Csaba and me tend to be quite active during our travels. We got up early and went to bed late. We hiked a lot. We had long sightseeing days with 20-25 kilometres walking on average. (Csaba likes tracking the total distance we cover on a sightseeing day, and it’s an incredible number sometimes.) We are not those people who sit in a restaurant, eating and people watching for long hours.
Well, it changed a bit during my pregnancy. We had more sleep and shorter days. We hiked shorter distances on easier terrain. The point is that I enjoyed our travels. And when I started not to enjoy them, we made those days even shorter and more relaxing. We travelled to places that are close to our home.
Then we reached the point when I couldn’t enjoy travelling anywhere anymore. So we stopped. It’s this past month, the last one. Honestly, everything feels hard to me now, not just travelling. You don’t necessarily feel the same way, but if you do, there’s no point forcing it. You don’t want to make a burden out of something you love so much – at least, I don’t.
Which trimester is the best to travel?
They say that the first and third trimesters are the hardest, and the second one is the best and easiest. In the first trimester, women usually feel weak and nauseated. In the third one, their heavy bellies make everything harder. The sweet spot is the second trimester when most women tend to be more energetic.
But again, it doesn’t mean it’ll be the same for everyone. Also, there are lots of differences in how weak, nauseated or energetic you actually feel. Just listen to your body, and do what feels good – to you.
As for me, we travelled in each trimester. We only stopped travelling completely at the end of my third trimester. But I didn’t feel the same throughout my pregnancy. My first trimester was the most tiring, however, I didn’t have morning sickness. The second was fine, then the third one got harder, too. I didn’t feel that vital energy in my second trimester though. It was okay, but my energy was not near the same as before my pregnancy.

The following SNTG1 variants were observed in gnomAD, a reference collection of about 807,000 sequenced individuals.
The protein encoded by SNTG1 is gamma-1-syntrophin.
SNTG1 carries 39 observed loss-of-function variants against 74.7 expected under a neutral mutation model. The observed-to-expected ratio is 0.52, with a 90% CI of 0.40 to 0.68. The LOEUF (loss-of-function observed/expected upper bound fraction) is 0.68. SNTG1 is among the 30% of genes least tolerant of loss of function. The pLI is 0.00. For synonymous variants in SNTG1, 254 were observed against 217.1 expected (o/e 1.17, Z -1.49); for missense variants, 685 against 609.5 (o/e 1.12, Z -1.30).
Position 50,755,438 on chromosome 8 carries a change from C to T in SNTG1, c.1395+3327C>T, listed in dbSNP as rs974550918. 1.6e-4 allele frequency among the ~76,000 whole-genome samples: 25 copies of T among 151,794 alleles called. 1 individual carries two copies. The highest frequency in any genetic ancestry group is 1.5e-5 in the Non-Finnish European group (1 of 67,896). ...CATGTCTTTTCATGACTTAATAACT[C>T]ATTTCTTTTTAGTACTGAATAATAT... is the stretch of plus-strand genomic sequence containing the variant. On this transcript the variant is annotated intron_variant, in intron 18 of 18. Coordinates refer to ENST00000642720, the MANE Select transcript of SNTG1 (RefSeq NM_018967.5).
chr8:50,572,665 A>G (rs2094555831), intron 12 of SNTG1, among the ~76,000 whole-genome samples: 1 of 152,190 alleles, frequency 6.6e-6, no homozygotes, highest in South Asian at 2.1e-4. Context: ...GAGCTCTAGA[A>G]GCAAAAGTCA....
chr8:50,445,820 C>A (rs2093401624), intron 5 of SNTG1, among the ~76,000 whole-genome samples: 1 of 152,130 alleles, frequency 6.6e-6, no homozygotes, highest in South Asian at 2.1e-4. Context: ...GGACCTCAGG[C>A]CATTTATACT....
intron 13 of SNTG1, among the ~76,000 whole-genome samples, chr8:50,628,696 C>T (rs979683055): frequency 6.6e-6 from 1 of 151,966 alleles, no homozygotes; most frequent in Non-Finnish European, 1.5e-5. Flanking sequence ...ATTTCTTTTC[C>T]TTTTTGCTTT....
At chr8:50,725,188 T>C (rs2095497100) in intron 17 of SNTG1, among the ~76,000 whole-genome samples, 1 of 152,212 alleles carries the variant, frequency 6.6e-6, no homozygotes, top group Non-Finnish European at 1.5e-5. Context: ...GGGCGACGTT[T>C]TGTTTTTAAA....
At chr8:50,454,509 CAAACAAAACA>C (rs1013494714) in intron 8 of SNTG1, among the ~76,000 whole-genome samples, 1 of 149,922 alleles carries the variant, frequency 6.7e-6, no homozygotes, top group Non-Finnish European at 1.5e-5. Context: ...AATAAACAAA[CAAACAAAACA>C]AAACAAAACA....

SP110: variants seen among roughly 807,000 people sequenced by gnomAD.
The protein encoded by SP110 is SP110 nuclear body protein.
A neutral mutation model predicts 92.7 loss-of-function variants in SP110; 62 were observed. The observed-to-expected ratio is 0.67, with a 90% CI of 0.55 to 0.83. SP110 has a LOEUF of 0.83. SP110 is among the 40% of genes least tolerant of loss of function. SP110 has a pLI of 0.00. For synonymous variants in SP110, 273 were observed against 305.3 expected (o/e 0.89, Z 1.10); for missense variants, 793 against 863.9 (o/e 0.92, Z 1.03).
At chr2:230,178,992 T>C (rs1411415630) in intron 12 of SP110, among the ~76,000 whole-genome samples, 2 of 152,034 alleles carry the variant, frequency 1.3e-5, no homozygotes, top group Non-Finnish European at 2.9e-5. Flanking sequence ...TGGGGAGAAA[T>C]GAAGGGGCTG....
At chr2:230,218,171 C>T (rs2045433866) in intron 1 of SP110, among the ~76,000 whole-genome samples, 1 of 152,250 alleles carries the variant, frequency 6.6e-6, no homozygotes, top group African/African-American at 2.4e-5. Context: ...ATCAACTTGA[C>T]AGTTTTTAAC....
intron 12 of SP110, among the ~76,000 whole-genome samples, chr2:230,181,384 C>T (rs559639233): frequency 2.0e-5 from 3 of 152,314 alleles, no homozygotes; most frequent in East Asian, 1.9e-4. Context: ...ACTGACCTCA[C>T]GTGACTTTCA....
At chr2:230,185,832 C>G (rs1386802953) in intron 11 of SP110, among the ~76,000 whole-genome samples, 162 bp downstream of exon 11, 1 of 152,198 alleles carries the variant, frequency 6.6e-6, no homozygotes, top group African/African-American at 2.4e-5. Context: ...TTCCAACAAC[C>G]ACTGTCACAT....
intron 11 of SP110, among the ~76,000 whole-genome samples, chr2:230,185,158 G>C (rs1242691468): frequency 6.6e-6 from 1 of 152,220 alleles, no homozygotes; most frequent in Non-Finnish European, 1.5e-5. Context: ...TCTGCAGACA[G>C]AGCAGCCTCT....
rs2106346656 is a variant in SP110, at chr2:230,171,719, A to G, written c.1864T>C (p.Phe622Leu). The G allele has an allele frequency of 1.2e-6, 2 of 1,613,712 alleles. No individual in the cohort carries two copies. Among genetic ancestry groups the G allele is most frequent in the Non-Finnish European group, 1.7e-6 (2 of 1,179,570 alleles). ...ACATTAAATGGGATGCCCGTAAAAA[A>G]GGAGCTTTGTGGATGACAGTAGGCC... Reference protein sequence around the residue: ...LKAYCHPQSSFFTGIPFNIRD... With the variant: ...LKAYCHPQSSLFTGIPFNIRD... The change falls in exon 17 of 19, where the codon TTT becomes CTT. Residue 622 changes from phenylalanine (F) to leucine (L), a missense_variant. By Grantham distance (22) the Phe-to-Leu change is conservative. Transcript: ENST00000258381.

All we needed to do to make our travels enjoyable is adapting to the weaker one, which was me in this case. Well, us – me and our little boy. 🙂
Flying during pregnancy
Flying is usually safe for an uncomplicated pregnancy. There are some things to consider though.
In the later phase of your pregnancy, most airlines will ask for a letter from your doctor that confirms your due date, and also that you aren’t at risk of complications. This policy differs for each airline. Some ask this letter from week 28, some from week 30. Some require a letter written no more than 5 days ago. Some won’t allow a woman over 35 weeks to fly at all. Be sure to check this policy before you buy your ticket.
Another thing you need to be aware of is deep vein thrombosis. Long flights (or even long periods of sitting in the car or bus) increase the risk of deep vein thrombosis. It can happen with anyone, not just pregnant women, but pregnant women are at a somewhat higher risk. In order to decrease the chance of this, it’s recommended to walk regularly, do frequent leg exercises and drink plenty of water to avoid dehydration.
It’s good to drink plenty of water during pregnancy, anyway. And no, not just to make your trip to the bathroom more frequent. 😛 Though it will be, so try to get an aisle seat if you can.
Hiking during pregnancy